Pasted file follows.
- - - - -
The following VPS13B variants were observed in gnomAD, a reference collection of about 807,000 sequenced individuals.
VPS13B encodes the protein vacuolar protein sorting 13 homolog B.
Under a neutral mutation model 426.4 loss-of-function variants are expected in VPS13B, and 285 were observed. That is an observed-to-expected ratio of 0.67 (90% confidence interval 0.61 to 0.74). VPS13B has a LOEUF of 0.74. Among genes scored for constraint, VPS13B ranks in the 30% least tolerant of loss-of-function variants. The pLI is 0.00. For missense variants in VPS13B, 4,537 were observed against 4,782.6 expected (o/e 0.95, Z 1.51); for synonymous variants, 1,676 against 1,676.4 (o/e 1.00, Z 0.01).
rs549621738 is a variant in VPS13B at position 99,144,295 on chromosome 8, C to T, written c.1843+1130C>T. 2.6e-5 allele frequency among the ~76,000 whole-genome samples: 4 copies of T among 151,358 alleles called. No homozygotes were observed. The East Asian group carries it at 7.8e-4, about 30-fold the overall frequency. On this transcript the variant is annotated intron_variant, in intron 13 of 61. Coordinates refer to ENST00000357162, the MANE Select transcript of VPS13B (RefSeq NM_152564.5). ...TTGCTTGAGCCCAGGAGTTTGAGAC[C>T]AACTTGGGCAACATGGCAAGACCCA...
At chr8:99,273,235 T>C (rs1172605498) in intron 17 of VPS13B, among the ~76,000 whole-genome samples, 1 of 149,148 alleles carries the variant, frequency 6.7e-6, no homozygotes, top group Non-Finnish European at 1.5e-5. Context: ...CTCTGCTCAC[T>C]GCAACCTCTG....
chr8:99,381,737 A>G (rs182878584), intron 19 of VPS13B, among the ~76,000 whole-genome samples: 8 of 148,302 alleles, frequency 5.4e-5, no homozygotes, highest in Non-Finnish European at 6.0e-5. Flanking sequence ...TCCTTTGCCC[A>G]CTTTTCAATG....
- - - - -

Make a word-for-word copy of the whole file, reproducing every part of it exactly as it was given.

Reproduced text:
The following VPS13B variants were observed in gnomAD, a reference collection of about 807,000 sequenced individuals.
VPS13B encodes the protein vacuolar protein sorting 13 homolog B.
Under a neutral mutation model 426.4 loss-of-function variants are expected in VPS13B, and 285 were observed. That is an observed-to-expected ratio of 0.67 (90% confidence interval 0.61 to 0.74). VPS13B has a LOEUF of 0.74. Among genes scored for constraint, VPS13B ranks in the 30% least tolerant of loss-of-function variants. The pLI is 0.00. For missense variants in VPS13B, 4,537 were observed against 4,782.6 expected (o/e 0.95, Z 1.51); for synonymous variants, 1,676 against 1,676.4 (o/e 1.00, Z 0.01).
rs549621738 is a variant in VPS13B at position 99,144,295 on chromosome 8, C to T, written c.1843+1130C>T. 2.6e-5 allele frequency among the ~76,000 whole-genome samples: 4 copies of T among 151,358 alleles called. No homozygotes were observed. The East Asian group carries it at 7.8e-4, about 30-fold the overall frequency. On this transcript the variant is annotated intron_variant, in intron 13 of 61. Coordinates refer to ENST00000357162, the MANE Select transcript of VPS13B (RefSeq NM_152564.5). ...TTGCTTGAGCCCAGGAGTTTGAGAC[C>T]AACTTGGGCAACATGGCAAGACCCA...
At chr8:99,273,235 T>C (rs1172605498) in intron 17 of VPS13B, among the ~76,000 whole-genome samples, 1 of 149,148 alleles carries the variant, frequency 6.7e-6, no homozygotes, top group Non-Finnish European at 1.5e-5. Context: ...CTCTGCTCAC[T>C]GCAACCTCTG....
chr8:99,381,737 A>G (rs182878584), intron 19 of VPS13B, among the ~76,000 whole-genome samples: 8 of 148,302 alleles, frequency 5.4e-5, no homozygotes, highest in Non-Finnish European at 6.0e-5. Flanking sequence ...TCCTTTGCCC[A>G]CTTTTCAATG....